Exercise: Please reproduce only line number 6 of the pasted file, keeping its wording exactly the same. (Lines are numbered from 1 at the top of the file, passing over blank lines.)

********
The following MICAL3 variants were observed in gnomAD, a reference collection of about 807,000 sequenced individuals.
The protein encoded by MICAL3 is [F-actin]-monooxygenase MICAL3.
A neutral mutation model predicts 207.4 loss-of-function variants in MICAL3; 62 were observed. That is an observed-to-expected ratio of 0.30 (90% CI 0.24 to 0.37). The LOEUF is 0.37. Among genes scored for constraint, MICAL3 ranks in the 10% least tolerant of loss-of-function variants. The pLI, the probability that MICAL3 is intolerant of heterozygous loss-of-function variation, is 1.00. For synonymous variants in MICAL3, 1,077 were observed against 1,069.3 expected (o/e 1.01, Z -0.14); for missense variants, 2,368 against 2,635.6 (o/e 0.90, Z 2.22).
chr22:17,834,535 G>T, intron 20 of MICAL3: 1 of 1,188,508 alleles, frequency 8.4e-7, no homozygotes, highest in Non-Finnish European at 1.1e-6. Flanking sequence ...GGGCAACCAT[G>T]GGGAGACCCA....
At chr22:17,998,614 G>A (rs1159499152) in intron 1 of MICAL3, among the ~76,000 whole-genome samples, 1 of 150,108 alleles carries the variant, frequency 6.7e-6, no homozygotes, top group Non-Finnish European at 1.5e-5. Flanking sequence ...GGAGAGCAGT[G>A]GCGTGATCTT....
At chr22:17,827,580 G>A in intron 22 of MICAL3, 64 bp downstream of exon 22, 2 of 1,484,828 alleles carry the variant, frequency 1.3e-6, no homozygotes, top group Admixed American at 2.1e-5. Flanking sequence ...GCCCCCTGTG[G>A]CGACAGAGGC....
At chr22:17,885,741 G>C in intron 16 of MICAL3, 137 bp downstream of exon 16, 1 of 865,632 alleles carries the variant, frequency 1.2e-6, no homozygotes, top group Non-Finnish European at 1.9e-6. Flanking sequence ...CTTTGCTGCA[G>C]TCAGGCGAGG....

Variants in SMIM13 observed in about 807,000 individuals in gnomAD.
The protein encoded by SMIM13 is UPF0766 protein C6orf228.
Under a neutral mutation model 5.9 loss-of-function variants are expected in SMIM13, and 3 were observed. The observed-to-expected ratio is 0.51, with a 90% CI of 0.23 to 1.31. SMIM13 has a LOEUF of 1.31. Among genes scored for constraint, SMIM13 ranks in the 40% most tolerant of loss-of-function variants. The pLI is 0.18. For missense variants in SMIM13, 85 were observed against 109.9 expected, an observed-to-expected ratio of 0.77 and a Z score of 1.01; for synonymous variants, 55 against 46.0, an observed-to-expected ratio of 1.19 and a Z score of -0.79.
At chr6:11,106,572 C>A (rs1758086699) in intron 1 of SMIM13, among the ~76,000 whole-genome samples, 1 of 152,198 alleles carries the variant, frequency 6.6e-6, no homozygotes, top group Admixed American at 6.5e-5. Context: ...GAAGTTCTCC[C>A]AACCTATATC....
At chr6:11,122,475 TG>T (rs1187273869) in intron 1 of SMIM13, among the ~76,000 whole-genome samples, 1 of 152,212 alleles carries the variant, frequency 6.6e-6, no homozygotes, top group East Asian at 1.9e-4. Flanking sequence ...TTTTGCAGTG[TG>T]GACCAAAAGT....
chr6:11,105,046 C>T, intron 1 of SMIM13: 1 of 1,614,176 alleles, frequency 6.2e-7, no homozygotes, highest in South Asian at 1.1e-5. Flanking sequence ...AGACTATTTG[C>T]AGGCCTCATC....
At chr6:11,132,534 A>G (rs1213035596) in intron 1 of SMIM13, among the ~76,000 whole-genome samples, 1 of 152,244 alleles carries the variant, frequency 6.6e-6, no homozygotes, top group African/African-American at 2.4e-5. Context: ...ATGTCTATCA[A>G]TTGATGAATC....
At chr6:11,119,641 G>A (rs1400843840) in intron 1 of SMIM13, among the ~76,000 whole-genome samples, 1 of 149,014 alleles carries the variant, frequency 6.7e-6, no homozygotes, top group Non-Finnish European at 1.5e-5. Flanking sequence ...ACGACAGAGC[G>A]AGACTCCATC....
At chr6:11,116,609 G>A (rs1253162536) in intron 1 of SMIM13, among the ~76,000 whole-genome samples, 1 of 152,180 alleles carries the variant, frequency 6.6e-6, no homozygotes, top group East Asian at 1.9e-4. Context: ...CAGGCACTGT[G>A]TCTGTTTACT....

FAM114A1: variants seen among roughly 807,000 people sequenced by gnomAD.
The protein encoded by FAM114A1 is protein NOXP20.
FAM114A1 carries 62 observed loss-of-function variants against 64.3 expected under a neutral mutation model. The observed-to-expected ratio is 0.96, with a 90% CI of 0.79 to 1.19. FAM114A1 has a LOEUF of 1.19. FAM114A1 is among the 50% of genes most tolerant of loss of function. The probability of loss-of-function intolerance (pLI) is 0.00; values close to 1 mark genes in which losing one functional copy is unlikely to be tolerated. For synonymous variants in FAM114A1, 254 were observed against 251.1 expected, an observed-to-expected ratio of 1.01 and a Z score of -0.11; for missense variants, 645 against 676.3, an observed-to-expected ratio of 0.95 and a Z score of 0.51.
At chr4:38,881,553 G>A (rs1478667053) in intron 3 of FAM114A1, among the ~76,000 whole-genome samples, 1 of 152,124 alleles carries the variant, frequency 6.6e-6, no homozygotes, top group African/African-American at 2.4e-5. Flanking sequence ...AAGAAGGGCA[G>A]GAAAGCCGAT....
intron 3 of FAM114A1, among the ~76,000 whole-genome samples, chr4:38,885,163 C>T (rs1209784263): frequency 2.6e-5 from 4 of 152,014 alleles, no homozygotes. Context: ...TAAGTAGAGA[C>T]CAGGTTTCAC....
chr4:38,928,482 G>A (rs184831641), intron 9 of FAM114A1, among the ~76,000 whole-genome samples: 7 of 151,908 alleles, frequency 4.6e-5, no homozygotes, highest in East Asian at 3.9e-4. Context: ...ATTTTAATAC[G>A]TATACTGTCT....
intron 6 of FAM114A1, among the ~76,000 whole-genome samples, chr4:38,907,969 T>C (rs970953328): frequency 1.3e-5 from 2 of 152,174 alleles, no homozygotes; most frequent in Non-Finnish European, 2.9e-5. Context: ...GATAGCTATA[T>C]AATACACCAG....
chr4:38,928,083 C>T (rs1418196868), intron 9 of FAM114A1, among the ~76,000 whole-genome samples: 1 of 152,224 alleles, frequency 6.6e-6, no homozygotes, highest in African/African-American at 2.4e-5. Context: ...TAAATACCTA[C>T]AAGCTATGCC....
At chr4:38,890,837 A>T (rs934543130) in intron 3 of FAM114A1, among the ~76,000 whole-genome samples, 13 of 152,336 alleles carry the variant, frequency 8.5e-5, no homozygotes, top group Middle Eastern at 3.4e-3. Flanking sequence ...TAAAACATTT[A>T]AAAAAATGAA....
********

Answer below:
At chr22:17,827,580 G>A in intron 22 of MICAL3, 64 bp downstream of exon 22, 2 of 1,484,828 alleles carry the variant, frequency 1.3e-6, no homozygotes, top group Admixed American at 2.1e-5. Flanking sequence ...GCCCCCTGTG[G>A]CGACAGAGGC....